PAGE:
My first project is the bathrooms. Only one full bath and one half bath are functional. One of the full baths on the second floor needs a drain pipe replaced, the pipe that runs from the second floor to the basement. It looks like we will be opening part of the kitchen wall for this repair.

The full bath on the third floor hasn’t been used for 45 years. I turned on the water to that bathroom but I barely got a trickle. And the drains are completely clogged. That tub was replaced in 1960. But I'm told the sink and toilet are original from 1897. I think the wise thing to do is to take up the floor and replace all the plumbing in that bathroom.

That bathroom floor may be a problem. Originally I thought it was a linoleum sheet. But after closer inspection, it turns out to be some sort of poured floor. It’s about ¾” thick. If anyone has experience in removing such a floor, I would sure like to hear about it.

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Comment by John Rodgers on August 27, 2009 at 4:35pm
seems fairly common in my area (though only on first floors) that a self-leveling cement was poured to either 'modernize' the look of the interior space, or otherwise level wooden floors that had began to buckle or were damaged in other manners. Not that it's impossible, but I haven't seen anyone around here that has managed to salvage the original flooring after removal.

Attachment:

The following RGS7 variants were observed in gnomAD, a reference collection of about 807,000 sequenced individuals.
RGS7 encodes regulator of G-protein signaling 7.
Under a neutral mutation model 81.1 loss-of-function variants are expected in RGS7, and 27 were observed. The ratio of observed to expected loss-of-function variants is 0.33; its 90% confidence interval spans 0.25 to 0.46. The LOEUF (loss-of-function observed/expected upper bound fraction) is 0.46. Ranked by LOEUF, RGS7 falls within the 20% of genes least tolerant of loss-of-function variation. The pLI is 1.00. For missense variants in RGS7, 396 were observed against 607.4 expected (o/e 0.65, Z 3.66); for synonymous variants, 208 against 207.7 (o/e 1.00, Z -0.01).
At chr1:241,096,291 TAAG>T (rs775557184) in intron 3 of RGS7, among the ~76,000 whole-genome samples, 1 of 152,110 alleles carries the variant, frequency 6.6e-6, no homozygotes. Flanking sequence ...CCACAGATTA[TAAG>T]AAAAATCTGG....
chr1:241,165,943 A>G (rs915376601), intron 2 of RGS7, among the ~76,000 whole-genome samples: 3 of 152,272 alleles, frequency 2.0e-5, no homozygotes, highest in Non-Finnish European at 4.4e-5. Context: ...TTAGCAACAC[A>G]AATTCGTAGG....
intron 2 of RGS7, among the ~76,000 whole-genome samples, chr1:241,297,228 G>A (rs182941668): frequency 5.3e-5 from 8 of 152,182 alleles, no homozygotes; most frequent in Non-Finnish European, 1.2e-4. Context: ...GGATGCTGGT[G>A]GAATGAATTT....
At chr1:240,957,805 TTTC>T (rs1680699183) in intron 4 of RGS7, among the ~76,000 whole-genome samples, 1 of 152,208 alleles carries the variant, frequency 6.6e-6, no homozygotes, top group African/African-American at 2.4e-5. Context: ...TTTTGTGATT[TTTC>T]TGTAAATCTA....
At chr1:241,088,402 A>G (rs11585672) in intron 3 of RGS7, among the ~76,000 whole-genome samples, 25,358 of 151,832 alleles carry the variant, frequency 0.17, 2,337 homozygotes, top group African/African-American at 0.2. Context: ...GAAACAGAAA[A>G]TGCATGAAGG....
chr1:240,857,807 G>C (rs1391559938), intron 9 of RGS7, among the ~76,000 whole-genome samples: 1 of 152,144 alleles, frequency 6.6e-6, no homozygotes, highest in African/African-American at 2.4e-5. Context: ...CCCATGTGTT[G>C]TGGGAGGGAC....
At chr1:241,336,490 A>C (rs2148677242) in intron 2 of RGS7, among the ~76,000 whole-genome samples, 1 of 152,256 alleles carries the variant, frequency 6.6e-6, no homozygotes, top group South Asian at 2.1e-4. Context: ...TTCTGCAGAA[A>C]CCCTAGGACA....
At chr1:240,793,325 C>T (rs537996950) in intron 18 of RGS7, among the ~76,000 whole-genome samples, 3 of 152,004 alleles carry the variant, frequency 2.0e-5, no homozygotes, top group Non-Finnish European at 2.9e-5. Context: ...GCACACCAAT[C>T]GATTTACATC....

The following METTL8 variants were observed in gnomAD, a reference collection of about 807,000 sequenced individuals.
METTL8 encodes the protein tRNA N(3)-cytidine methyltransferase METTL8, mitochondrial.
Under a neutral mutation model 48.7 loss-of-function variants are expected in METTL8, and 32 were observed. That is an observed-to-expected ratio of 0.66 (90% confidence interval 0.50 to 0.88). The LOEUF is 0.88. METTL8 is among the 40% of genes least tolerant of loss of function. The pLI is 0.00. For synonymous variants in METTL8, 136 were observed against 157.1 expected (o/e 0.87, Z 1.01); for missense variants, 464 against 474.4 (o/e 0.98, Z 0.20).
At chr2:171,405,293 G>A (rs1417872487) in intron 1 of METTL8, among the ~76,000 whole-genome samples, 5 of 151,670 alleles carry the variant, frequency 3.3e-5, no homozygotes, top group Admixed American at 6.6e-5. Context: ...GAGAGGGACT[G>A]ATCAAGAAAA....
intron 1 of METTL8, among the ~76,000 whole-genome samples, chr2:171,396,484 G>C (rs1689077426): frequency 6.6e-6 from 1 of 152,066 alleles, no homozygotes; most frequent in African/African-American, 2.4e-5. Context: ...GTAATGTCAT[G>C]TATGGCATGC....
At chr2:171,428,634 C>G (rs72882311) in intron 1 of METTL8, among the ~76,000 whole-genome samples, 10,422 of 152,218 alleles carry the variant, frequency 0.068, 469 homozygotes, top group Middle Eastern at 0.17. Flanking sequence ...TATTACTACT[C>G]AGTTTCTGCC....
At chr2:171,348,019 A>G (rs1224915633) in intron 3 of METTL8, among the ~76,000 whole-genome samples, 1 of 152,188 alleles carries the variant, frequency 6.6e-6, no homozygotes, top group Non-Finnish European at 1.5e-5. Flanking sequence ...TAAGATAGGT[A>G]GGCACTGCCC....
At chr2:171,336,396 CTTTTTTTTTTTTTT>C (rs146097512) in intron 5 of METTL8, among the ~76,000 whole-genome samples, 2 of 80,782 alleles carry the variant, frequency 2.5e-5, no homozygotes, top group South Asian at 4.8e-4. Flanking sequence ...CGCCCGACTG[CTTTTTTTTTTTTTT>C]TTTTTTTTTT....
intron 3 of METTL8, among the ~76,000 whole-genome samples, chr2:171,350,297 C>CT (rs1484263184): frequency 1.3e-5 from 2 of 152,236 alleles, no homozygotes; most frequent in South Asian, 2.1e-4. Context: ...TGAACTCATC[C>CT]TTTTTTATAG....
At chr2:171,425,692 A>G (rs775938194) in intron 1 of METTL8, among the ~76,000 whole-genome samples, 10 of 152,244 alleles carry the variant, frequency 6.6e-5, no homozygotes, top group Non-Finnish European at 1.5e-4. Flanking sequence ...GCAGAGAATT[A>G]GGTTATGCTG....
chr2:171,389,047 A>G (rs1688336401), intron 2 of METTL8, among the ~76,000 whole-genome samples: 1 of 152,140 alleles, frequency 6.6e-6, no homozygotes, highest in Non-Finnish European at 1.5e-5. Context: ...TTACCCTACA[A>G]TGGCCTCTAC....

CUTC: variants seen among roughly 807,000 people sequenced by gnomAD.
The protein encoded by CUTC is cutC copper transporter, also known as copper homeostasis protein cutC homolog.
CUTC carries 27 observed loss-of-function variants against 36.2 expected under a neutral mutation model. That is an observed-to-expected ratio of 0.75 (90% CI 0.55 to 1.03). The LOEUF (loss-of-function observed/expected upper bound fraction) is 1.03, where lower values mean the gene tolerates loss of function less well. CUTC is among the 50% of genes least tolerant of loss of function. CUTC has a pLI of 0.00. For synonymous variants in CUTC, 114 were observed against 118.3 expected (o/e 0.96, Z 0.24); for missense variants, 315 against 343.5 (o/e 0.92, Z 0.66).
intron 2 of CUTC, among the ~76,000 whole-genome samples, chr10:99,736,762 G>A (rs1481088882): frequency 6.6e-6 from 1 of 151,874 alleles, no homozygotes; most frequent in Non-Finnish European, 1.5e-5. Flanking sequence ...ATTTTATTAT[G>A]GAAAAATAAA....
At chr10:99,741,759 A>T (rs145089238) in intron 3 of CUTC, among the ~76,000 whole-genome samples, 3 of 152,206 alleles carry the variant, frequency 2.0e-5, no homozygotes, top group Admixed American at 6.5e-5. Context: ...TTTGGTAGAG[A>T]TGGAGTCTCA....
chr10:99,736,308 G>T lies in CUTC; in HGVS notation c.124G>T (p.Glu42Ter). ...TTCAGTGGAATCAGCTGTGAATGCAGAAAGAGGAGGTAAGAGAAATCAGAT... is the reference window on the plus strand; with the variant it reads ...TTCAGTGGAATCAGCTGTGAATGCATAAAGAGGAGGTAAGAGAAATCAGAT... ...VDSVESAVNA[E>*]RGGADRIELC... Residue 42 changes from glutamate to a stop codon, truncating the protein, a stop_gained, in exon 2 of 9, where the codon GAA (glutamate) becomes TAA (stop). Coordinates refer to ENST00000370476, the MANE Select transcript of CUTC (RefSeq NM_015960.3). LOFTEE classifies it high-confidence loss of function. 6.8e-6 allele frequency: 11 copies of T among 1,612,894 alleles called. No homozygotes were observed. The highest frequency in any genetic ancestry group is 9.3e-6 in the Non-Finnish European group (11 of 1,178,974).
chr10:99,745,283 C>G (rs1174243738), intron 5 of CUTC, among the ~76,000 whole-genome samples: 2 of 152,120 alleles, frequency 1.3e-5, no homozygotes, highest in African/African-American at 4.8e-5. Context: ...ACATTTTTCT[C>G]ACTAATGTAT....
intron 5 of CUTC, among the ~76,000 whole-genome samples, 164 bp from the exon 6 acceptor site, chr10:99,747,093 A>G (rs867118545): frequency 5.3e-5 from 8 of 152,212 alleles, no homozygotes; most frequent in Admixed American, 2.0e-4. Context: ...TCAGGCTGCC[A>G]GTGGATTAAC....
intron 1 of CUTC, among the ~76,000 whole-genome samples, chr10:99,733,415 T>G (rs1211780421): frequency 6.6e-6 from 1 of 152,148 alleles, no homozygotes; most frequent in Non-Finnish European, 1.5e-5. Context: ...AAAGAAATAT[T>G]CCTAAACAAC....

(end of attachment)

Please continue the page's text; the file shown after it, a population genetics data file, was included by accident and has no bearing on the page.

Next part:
If you're not concerned about knicks and'or gouges to the wood floor beneath, the quickest removal method I can think of would be the large demolition bits that can be attached to a hammer drill. Essentially it's a large chisel that you don't have to hammer endlessly. It looks like you have it already opened up in one section, so you can lay the bit at a slight angle to the wood flooring and start chipping away.

On another note, the bare trickle of water could be as simple of a fix as a clogged connection line running to the faucet. I thought my washer was starting to go because I barely had a trickle in and took forever to fill--turns out after years of not being used (the home was vacant for 10-15 years), there had been some sediment buildup in the filter screens both in the washer as well as in the connection lines.
Comment by James Kabler on August 27, 2009 at 5:57pm
This isn't cement. It's some sort of hard rubber. The baseboards are of the same material and molded right in with the floor.

The hole you see in the picture is where the sink pedistal was. Seems the floor was poured after the sink was installed, but before the toilet. I had to chisel around it to get it out.

I figured chiseling would be the best way. But I thought it might be a good idea to hear the voice of experience first.
Comment by John Rodgers on August 28, 2009 at 8:33am
How difficult was it to remove with a chisel...does it break apart fairly easily? You may be able to manually remove the majority of it, and sand any residual pieces down to salvage the wood floor without damaging them.. What you have is definitely a new one for me...


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